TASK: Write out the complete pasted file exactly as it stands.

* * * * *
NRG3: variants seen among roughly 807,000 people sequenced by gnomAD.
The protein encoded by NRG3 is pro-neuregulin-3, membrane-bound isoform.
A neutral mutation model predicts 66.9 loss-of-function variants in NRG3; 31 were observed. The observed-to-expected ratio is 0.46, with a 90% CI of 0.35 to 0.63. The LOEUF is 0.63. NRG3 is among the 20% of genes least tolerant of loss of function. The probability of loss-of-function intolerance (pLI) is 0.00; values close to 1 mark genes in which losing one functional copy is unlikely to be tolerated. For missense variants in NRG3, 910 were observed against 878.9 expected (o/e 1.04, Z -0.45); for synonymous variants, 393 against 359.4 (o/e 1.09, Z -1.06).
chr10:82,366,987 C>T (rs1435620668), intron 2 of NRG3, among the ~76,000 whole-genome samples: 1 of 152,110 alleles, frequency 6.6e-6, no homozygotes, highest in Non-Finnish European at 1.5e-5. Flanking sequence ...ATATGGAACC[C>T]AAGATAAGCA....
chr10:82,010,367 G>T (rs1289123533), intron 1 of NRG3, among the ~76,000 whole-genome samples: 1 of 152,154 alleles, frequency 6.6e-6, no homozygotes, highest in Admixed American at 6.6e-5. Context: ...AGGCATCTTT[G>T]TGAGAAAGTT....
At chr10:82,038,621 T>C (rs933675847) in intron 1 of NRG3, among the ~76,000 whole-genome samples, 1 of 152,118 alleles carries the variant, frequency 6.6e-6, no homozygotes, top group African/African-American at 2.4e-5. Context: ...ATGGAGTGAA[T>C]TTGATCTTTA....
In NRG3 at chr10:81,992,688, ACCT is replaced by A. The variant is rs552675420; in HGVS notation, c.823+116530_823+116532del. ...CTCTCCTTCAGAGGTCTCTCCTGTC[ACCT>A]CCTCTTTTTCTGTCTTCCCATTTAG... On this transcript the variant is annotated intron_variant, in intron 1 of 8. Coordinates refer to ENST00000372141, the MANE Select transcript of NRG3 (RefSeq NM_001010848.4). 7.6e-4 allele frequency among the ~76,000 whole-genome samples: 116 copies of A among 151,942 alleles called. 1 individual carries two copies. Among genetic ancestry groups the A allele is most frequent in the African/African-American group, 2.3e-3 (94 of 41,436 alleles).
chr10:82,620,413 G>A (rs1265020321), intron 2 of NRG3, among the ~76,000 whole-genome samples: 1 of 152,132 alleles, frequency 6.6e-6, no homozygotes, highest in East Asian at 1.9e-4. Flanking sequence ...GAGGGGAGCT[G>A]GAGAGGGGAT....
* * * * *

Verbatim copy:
NRG3: variants seen among roughly 807,000 people sequenced by gnomAD.
The protein encoded by NRG3 is pro-neuregulin-3, membrane-bound isoform.
A neutral mutation model predicts 66.9 loss-of-function variants in NRG3; 31 were observed. The observed-to-expected ratio is 0.46, with a 90% CI of 0.35 to 0.63. The LOEUF is 0.63. NRG3 is among the 20% of genes least tolerant of loss of function. The probability of loss-of-function intolerance (pLI) is 0.00; values close to 1 mark genes in which losing one functional copy is unlikely to be tolerated. For missense variants in NRG3, 910 were observed against 878.9 expected (o/e 1.04, Z -0.45); for synonymous variants, 393 against 359.4 (o/e 1.09, Z -1.06).
chr10:82,366,987 C>T (rs1435620668), intron 2 of NRG3, among the ~76,000 whole-genome samples: 1 of 152,110 alleles, frequency 6.6e-6, no homozygotes, highest in Non-Finnish European at 1.5e-5. Flanking sequence ...ATATGGAACC[C>T]AAGATAAGCA....
chr10:82,010,367 G>T (rs1289123533), intron 1 of NRG3, among the ~76,000 whole-genome samples: 1 of 152,154 alleles, frequency 6.6e-6, no homozygotes, highest in Admixed American at 6.6e-5. Context: ...AGGCATCTTT[G>T]TGAGAAAGTT....
At chr10:82,038,621 T>C (rs933675847) in intron 1 of NRG3, among the ~76,000 whole-genome samples, 1 of 152,118 alleles carries the variant, frequency 6.6e-6, no homozygotes, top group African/African-American at 2.4e-5. Context: ...ATGGAGTGAA[T>C]TTGATCTTTA....
In NRG3 at chr10:81,992,688, ACCT is replaced by A. The variant is rs552675420; in HGVS notation, c.823+116530_823+116532del. ...CTCTCCTTCAGAGGTCTCTCCTGTC[ACCT>A]CCTCTTTTTCTGTCTTCCCATTTAG... On this transcript the variant is annotated intron_variant, in intron 1 of 8. Coordinates refer to ENST00000372141, the MANE Select transcript of NRG3 (RefSeq NM_001010848.4). 7.6e-4 allele frequency among the ~76,000 whole-genome samples: 116 copies of A among 151,942 alleles called. 1 individual carries two copies. Among genetic ancestry groups the A allele is most frequent in the African/African-American group, 2.3e-3 (94 of 41,436 alleles).
chr10:82,620,413 G>A (rs1265020321), intron 2 of NRG3, among the ~76,000 whole-genome samples: 1 of 152,132 alleles, frequency 6.6e-6, no homozygotes, highest in East Asian at 1.9e-4. Flanking sequence ...GAGGGGAGCT[G>A]GAGAGGGGAT....